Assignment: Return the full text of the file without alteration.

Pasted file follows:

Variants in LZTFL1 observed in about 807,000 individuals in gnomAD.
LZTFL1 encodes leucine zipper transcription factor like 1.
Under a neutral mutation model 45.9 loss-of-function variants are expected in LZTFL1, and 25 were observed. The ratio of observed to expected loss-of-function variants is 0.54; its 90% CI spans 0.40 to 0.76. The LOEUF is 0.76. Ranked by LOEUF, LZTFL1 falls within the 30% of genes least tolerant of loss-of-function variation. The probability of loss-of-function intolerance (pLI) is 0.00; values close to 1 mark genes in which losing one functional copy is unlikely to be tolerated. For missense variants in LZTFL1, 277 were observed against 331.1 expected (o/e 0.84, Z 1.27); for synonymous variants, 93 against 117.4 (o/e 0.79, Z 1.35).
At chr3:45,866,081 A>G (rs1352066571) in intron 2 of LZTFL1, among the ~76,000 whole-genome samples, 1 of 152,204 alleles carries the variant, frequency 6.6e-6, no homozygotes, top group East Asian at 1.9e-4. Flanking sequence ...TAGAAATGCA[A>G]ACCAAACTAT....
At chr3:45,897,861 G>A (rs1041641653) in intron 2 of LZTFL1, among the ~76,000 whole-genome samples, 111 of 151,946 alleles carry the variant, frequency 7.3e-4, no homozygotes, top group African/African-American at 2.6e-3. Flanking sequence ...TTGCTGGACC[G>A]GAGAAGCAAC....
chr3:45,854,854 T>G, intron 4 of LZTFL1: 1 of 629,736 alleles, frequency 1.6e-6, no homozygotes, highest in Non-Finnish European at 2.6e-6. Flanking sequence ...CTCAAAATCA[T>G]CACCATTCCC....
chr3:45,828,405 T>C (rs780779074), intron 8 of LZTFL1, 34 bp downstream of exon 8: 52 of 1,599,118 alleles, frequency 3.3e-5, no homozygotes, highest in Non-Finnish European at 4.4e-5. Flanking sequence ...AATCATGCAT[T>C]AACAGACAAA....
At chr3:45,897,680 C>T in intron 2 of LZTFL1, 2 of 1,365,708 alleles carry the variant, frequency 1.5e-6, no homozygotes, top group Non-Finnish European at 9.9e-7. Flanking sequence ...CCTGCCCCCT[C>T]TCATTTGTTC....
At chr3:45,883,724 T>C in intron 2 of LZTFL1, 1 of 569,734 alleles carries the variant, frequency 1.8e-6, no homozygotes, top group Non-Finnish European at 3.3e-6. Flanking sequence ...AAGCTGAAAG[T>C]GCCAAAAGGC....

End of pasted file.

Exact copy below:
Variants in LZTFL1 observed in about 807,000 individuals in gnomAD.
LZTFL1 encodes leucine zipper transcription factor like 1.
Under a neutral mutation model 45.9 loss-of-function variants are expected in LZTFL1, and 25 were observed. The ratio of observed to expected loss-of-function variants is 0.54; its 90% CI spans 0.40 to 0.76. The LOEUF is 0.76. Ranked by LOEUF, LZTFL1 falls within the 30% of genes least tolerant of loss-of-function variation. The probability of loss-of-function intolerance (pLI) is 0.00; values close to 1 mark genes in which losing one functional copy is unlikely to be tolerated. For missense variants in LZTFL1, 277 were observed against 331.1 expected (o/e 0.84, Z 1.27); for synonymous variants, 93 against 117.4 (o/e 0.79, Z 1.35).
At chr3:45,866,081 A>G (rs1352066571) in intron 2 of LZTFL1, among the ~76,000 whole-genome samples, 1 of 152,204 alleles carries the variant, frequency 6.6e-6, no homozygotes, top group East Asian at 1.9e-4. Flanking sequence ...TAGAAATGCA[A>G]ACCAAACTAT....
At chr3:45,897,861 G>A (rs1041641653) in intron 2 of LZTFL1, among the ~76,000 whole-genome samples, 111 of 151,946 alleles carry the variant, frequency 7.3e-4, no homozygotes, top group African/African-American at 2.6e-3. Flanking sequence ...TTGCTGGACC[G>A]GAGAAGCAAC....
chr3:45,854,854 T>G, intron 4 of LZTFL1: 1 of 629,736 alleles, frequency 1.6e-6, no homozygotes, highest in Non-Finnish European at 2.6e-6. Flanking sequence ...CTCAAAATCA[T>G]CACCATTCCC....
chr3:45,828,405 T>C (rs780779074), intron 8 of LZTFL1, 34 bp downstream of exon 8: 52 of 1,599,118 alleles, frequency 3.3e-5, no homozygotes, highest in Non-Finnish European at 4.4e-5. Flanking sequence ...AATCATGCAT[T>C]AACAGACAAA....
At chr3:45,897,680 C>T in intron 2 of LZTFL1, 2 of 1,365,708 alleles carry the variant, frequency 1.5e-6, no homozygotes, top group Non-Finnish European at 9.9e-7. Flanking sequence ...CCTGCCCCCT[C>T]TCATTTGTTC....
At chr3:45,883,724 T>C in intron 2 of LZTFL1, 1 of 569,734 alleles carries the variant, frequency 1.8e-6, no homozygotes, top group Non-Finnish European at 3.3e-6. Flanking sequence ...AAGCTGAAAG[T>C]GCCAAAAGGC....